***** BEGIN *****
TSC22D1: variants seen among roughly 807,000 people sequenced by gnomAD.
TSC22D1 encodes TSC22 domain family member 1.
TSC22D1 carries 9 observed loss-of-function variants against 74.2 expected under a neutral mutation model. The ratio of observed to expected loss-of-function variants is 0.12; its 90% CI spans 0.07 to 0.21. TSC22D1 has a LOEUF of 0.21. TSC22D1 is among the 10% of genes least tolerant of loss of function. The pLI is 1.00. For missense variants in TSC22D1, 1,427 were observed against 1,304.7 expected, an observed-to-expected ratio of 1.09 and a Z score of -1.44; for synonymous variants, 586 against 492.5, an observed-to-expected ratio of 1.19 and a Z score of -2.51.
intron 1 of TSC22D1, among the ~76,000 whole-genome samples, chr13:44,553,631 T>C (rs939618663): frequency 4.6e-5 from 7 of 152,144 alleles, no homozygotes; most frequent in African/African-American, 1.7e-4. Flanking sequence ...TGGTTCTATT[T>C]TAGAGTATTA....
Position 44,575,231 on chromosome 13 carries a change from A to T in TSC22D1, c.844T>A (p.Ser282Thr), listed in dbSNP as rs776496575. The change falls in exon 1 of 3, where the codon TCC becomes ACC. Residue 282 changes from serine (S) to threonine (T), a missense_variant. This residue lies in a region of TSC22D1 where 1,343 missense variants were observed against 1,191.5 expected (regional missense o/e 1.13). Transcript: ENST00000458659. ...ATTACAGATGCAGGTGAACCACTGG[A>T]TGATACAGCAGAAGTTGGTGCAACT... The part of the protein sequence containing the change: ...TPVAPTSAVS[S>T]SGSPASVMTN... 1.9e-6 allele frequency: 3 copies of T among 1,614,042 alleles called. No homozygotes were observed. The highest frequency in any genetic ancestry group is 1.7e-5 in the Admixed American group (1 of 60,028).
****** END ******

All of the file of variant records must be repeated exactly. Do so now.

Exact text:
TSC22D1: variants seen among roughly 807,000 people sequenced by gnomAD.
TSC22D1 encodes TSC22 domain family member 1.
TSC22D1 carries 9 observed loss-of-function variants against 74.2 expected under a neutral mutation model. The ratio of observed to expected loss-of-function variants is 0.12; its 90% CI spans 0.07 to 0.21. TSC22D1 has a LOEUF of 0.21. TSC22D1 is among the 10% of genes least tolerant of loss of function. The pLI is 1.00. For missense variants in TSC22D1, 1,427 were observed against 1,304.7 expected, an observed-to-expected ratio of 1.09 and a Z score of -1.44; for synonymous variants, 586 against 492.5, an observed-to-expected ratio of 1.19 and a Z score of -2.51.
intron 1 of TSC22D1, among the ~76,000 whole-genome samples, chr13:44,553,631 T>C (rs939618663): frequency 4.6e-5 from 7 of 152,144 alleles, no homozygotes; most frequent in African/African-American, 1.7e-4. Flanking sequence ...TGGTTCTATT[T>C]TAGAGTATTA....
Position 44,575,231 on chromosome 13 carries a change from A to T in TSC22D1, c.844T>A (p.Ser282Thr), listed in dbSNP as rs776496575. The change falls in exon 1 of 3, where the codon TCC becomes ACC. Residue 282 changes from serine (S) to threonine (T), a missense_variant. This residue lies in a region of TSC22D1 where 1,343 missense variants were observed against 1,191.5 expected (regional missense o/e 1.13). Transcript: ENST00000458659. ...ATTACAGATGCAGGTGAACCACTGG[A>T]TGATACAGCAGAAGTTGGTGCAACT... The part of the protein sequence containing the change: ...TPVAPTSAVS[S>T]SGSPASVMTN... 1.9e-6 allele frequency: 3 copies of T among 1,614,042 alleles called. No homozygotes were observed. The highest frequency in any genetic ancestry group is 1.7e-5 in the Admixed American group (1 of 60,028).